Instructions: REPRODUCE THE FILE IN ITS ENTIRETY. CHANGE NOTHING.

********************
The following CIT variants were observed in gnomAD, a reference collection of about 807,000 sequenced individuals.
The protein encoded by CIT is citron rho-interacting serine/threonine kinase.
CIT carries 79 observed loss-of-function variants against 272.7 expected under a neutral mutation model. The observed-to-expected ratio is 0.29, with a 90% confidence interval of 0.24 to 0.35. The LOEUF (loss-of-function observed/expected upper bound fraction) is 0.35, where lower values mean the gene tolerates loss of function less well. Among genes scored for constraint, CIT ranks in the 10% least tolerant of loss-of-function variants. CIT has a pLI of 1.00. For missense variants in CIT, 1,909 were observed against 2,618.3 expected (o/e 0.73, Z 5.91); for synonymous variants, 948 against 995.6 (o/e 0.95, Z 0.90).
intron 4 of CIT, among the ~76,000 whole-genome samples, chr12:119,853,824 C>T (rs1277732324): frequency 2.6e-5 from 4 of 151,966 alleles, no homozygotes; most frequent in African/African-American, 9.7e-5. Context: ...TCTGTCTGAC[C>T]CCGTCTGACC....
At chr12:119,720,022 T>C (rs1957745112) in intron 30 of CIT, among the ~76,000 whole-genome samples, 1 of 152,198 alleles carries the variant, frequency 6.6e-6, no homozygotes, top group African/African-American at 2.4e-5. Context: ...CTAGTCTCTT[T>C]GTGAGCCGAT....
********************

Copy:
The following CIT variants were observed in gnomAD, a reference collection of about 807,000 sequenced individuals.
The protein encoded by CIT is citron rho-interacting serine/threonine kinase.
CIT carries 79 observed loss-of-function variants against 272.7 expected under a neutral mutation model. The observed-to-expected ratio is 0.29, with a 90% confidence interval of 0.24 to 0.35. The LOEUF (loss-of-function observed/expected upper bound fraction) is 0.35, where lower values mean the gene tolerates loss of function less well. Among genes scored for constraint, CIT ranks in the 10% least tolerant of loss-of-function variants. CIT has a pLI of 1.00. For missense variants in CIT, 1,909 were observed against 2,618.3 expected (o/e 0.73, Z 5.91); for synonymous variants, 948 against 995.6 (o/e 0.95, Z 0.90).
intron 4 of CIT, among the ~76,000 whole-genome samples, chr12:119,853,824 C>T (rs1277732324): frequency 2.6e-5 from 4 of 151,966 alleles, no homozygotes; most frequent in African/African-American, 9.7e-5. Context: ...TCTGTCTGAC[C>T]CCGTCTGACC....
At chr12:119,720,022 T>C (rs1957745112) in intron 30 of CIT, among the ~76,000 whole-genome samples, 1 of 152,198 alleles carries the variant, frequency 6.6e-6, no homozygotes, top group African/African-American at 2.4e-5. Context: ...CTAGTCTCTT[T>C]GTGAGCCGAT....